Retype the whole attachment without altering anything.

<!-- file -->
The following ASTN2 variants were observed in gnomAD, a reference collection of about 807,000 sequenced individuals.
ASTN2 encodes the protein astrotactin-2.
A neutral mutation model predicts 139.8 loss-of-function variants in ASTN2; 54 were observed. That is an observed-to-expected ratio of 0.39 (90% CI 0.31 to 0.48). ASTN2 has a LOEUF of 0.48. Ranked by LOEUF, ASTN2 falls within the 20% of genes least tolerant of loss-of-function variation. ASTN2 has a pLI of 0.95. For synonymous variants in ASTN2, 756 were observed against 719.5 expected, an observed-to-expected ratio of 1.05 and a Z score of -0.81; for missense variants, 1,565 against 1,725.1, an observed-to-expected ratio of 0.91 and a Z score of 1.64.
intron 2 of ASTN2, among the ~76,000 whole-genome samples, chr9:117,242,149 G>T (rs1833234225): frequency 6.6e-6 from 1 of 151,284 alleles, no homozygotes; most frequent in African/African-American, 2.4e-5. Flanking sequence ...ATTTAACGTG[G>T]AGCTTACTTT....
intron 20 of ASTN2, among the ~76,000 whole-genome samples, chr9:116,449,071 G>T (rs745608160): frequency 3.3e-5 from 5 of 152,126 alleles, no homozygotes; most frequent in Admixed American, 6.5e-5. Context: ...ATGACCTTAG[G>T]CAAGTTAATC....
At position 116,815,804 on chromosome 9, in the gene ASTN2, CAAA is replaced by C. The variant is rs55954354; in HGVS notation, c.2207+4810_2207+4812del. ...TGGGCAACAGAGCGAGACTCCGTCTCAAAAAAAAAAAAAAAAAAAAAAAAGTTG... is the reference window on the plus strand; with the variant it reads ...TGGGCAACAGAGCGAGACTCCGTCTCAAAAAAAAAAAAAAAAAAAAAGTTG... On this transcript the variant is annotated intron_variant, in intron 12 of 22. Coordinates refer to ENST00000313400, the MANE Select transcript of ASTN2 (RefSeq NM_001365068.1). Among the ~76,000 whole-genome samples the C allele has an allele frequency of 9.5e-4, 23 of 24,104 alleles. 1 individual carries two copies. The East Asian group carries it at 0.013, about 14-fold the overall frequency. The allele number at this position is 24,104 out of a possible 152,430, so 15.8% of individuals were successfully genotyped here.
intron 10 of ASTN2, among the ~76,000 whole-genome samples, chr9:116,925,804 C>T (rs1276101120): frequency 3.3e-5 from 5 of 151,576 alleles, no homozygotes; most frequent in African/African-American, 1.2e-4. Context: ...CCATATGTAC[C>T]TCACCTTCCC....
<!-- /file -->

The following ASTN2 variants were observed in gnomAD, a reference collection of about 807,000 sequenced individuals.
ASTN2 encodes the protein astrotactin-2.
A neutral mutation model predicts 139.8 loss-of-function variants in ASTN2; 54 were observed. That is an observed-to-expected ratio of 0.39 (90% CI 0.31 to 0.48). ASTN2 has a LOEUF of 0.48. Ranked by LOEUF, ASTN2 falls within the 20% of genes least tolerant of loss-of-function variation. ASTN2 has a pLI of 0.95. For synonymous variants in ASTN2, 756 were observed against 719.5 expected, an observed-to-expected ratio of 1.05 and a Z score of -0.81; for missense variants, 1,565 against 1,725.1, an observed-to-expected ratio of 0.91 and a Z score of 1.64.
intron 2 of ASTN2, among the ~76,000 whole-genome samples, chr9:117,242,149 G>T (rs1833234225): frequency 6.6e-6 from 1 of 151,284 alleles, no homozygotes; most frequent in African/African-American, 2.4e-5. Flanking sequence ...ATTTAACGTG[G>T]AGCTTACTTT....
intron 20 of ASTN2, among the ~76,000 whole-genome samples, chr9:116,449,071 G>T (rs745608160): frequency 3.3e-5 from 5 of 152,126 alleles, no homozygotes; most frequent in Admixed American, 6.5e-5. Context: ...ATGACCTTAG[G>T]CAAGTTAATC....
At position 116,815,804 on chromosome 9, in the gene ASTN2, CAAA is replaced by C. The variant is rs55954354; in HGVS notation, c.2207+4810_2207+4812del. ...TGGGCAACAGAGCGAGACTCCGTCTCAAAAAAAAAAAAAAAAAAAAAAAAGTTG... is the reference window on the plus strand; with the variant it reads ...TGGGCAACAGAGCGAGACTCCGTCTCAAAAAAAAAAAAAAAAAAAAAGTTG... On this transcript the variant is annotated intron_variant, in intron 12 of 22. Coordinates refer to ENST00000313400, the MANE Select transcript of ASTN2 (RefSeq NM_001365068.1). Among the ~76,000 whole-genome samples the C allele has an allele frequency of 9.5e-4, 23 of 24,104 alleles. 1 individual carries two copies. The East Asian group carries it at 0.013, about 14-fold the overall frequency. The allele number at this position is 24,104 out of a possible 152,430, so 15.8% of individuals were successfully genotyped here.
intron 10 of ASTN2, among the ~76,000 whole-genome samples, chr9:116,925,804 C>T (rs1276101120): frequency 3.3e-5 from 5 of 151,576 alleles, no homozygotes; most frequent in African/African-American, 1.2e-4. Context: ...CCATATGTAC[C>T]TCACCTTCCC....